“You’re facing a triple-whammy right now,” said Rick Sharga, a mortgage industry veteran and CEO of CJ Patrick Company, a real-estate and financial services consulting firm. “A lot of the financial incentives that a move-up buyer would have had a couple years ago no longer exist.”
Read more: Trump’s trade war with China is the last thing an already unsteady U.S. housing market needs right now
First-time home buyers have nowhere to go
In many ways, first-time home buyers stand to benefit most from today’s lower mortgage rates because of the real savings they represent.
B

Mortgage rates are dropping — so why aren’t more people buying homes?

Jacob Passy

Home price appreciation is slowing. Consumer sentiment about the housing market is at a five-year high.
To cap it all off, mortgage rates have continually fallen throughout 2019 to date. Currently, the 30-year fixed-rate mortgage is averaging 3.82%, roughly a two-year low, according to Freddie Mac. So far this year, mortgage rates have only increased on a weekly basis six times.
Historically, that’s been a recipe for a home-buying frenzy. “We are in an extremely interest-rate-sensitive housing market,” said Daren Blomquist, vice president of market economics at Auction.com.
In the past, home buying activity has gone up when rates have gone down, and vice versa. “There’s a lot of hopefulness that cycle will repeat in 2019,” Blomquist said.
Don’t miss: With mortgage rates at 2-year lows, here’s how to decide whether to refinance your home loan
And yet, consumers haven’t shown much interest in buying homes these days. Last week, mortgage applications for home purchases only rose 10% from the previous week, despite mortgage rates being at a two-year low. And the week before that, mortgage applications for home purchases actually dropped by 2%, according to data from the Mortgage Bankers Association.
The most recent data for home sales isn’t much more positive. Pending home sales fell for the 16th consecutive month in April, according to data from the National Association of Realtors. Economists had predicted a 0.5% increase; instead sales dropped by a seasonally adjusted 1.5%.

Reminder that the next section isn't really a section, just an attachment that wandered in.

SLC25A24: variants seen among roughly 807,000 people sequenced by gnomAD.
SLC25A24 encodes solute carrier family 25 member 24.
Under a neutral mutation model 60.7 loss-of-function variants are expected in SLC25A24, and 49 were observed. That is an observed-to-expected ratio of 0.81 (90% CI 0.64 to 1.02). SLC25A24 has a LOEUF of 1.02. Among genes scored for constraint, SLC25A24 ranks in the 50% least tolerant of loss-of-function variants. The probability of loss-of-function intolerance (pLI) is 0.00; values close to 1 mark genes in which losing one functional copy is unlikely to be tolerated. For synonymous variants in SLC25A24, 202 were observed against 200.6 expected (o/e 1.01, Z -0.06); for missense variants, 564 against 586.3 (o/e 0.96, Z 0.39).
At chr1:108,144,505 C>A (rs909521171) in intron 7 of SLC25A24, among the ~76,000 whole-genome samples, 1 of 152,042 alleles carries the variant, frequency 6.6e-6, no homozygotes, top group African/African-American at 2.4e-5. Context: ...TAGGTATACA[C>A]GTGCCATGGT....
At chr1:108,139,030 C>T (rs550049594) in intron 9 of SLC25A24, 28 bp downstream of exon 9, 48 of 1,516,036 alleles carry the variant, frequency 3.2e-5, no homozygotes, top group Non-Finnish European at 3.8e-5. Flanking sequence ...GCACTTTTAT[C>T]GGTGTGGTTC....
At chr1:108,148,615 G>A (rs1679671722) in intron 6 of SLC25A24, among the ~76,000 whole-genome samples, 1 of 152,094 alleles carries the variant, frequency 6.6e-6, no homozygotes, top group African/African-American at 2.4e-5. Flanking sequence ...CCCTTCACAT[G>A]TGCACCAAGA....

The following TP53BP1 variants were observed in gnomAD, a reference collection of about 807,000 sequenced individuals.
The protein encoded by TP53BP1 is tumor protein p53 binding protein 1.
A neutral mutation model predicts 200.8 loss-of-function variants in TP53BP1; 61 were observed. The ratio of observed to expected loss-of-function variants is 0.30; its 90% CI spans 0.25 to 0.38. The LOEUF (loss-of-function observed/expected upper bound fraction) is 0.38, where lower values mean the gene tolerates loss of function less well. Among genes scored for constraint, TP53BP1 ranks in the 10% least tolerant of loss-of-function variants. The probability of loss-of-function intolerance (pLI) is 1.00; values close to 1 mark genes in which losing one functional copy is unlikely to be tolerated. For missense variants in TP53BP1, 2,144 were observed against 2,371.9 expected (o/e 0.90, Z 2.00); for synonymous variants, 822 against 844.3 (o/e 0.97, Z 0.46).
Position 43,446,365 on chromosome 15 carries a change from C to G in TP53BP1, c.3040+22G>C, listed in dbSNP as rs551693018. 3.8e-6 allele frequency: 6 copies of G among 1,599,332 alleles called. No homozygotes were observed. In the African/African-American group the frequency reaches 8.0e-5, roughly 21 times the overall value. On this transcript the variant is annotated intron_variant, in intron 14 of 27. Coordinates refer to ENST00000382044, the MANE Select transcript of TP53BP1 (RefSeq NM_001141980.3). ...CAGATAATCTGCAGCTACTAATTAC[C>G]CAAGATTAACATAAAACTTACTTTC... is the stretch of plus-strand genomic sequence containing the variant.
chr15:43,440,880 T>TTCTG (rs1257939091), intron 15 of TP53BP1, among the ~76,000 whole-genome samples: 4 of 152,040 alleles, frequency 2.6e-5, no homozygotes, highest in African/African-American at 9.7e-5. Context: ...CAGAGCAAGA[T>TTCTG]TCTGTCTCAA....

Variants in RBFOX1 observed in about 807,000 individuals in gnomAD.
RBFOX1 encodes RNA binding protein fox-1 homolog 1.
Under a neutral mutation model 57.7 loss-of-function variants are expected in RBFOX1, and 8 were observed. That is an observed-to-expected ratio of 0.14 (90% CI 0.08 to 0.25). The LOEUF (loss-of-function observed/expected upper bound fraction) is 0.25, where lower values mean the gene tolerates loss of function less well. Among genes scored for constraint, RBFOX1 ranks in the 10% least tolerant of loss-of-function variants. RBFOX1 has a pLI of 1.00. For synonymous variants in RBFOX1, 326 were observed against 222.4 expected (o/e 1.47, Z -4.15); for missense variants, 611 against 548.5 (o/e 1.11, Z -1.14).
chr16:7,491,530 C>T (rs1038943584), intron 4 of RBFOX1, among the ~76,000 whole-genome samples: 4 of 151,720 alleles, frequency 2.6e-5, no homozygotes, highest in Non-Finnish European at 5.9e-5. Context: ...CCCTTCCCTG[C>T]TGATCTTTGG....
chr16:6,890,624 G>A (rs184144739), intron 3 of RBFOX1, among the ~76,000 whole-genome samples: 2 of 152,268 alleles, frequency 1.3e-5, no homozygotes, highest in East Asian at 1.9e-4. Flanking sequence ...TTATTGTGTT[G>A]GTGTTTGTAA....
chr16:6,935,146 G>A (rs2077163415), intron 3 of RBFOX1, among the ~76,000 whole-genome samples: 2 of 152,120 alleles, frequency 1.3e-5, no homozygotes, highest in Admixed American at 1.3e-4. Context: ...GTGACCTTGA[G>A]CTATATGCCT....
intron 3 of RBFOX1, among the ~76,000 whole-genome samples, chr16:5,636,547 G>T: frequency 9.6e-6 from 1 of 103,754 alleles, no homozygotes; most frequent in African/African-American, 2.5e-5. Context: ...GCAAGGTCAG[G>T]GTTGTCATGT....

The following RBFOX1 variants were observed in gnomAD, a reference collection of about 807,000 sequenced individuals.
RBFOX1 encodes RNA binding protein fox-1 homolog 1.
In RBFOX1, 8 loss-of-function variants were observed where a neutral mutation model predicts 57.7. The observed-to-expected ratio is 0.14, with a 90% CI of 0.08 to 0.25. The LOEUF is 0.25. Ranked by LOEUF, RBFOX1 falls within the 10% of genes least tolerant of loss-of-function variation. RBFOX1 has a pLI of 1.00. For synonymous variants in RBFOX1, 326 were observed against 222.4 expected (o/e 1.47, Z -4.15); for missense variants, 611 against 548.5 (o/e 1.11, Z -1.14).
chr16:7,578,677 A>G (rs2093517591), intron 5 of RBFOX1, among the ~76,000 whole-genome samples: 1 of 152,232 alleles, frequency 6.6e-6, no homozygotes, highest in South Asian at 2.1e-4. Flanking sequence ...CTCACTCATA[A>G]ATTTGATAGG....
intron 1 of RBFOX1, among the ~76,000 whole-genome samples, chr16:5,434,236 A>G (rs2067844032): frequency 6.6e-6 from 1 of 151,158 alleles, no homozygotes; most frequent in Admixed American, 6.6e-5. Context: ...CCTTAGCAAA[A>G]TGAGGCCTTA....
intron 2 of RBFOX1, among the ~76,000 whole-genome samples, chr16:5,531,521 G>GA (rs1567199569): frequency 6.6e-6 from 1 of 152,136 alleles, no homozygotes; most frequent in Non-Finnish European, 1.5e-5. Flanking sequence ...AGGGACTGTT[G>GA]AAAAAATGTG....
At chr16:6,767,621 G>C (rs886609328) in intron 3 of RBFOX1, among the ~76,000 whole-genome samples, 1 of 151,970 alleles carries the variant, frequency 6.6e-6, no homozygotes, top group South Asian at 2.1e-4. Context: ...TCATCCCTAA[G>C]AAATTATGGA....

So why haven’t home sales rebounded? Here’s what housing market experts had to say:
Move-up buyers are facing a ‘triple whammy’
In recent years, some have suggested that there could be a large swath of homeowners who were “rate-locked.” The argument goes that many people who already own their homes are sitting on extremely low interest rates — and the higher mortgage rates that were the norm throughout much of last year acted as a deterrent keeping them from shopping for a new house.
If that were broadly true, though, you would expect home sales to rev up more than they have. “Rates are clearly not the only factor people consider,” said Danielle Hale, chief economist at Realtor.com.
(Realtor.com is operated by News Corp NWSA, -0.04%   subsidiary Move Inc., and MarketWatch is a unit of Dow Jones, which is also a subsidiary of News Corp.)
Interest rates are just one piece of the puzzle for move-up buyers, those who already own a home and are looking to buy a larger or otherwise more expensive property. While the pace of price appreciation has slowed, home prices are nevertheless at all-time highs across many housing markets nationwide, offsetting the savings a move-up buyer could expect thanks to today’s interest rates. (Not to mention that many of today’s homeowners who bought their homes after the housing crisis have even lower mortgage rates than what’s on offer today.)
Making affordability matters worse, inventory remains quite constrained except at the luxury end of the market. As a result, move-up buyers have few options of properties to move to and will face more competition for homes, which can raise prices.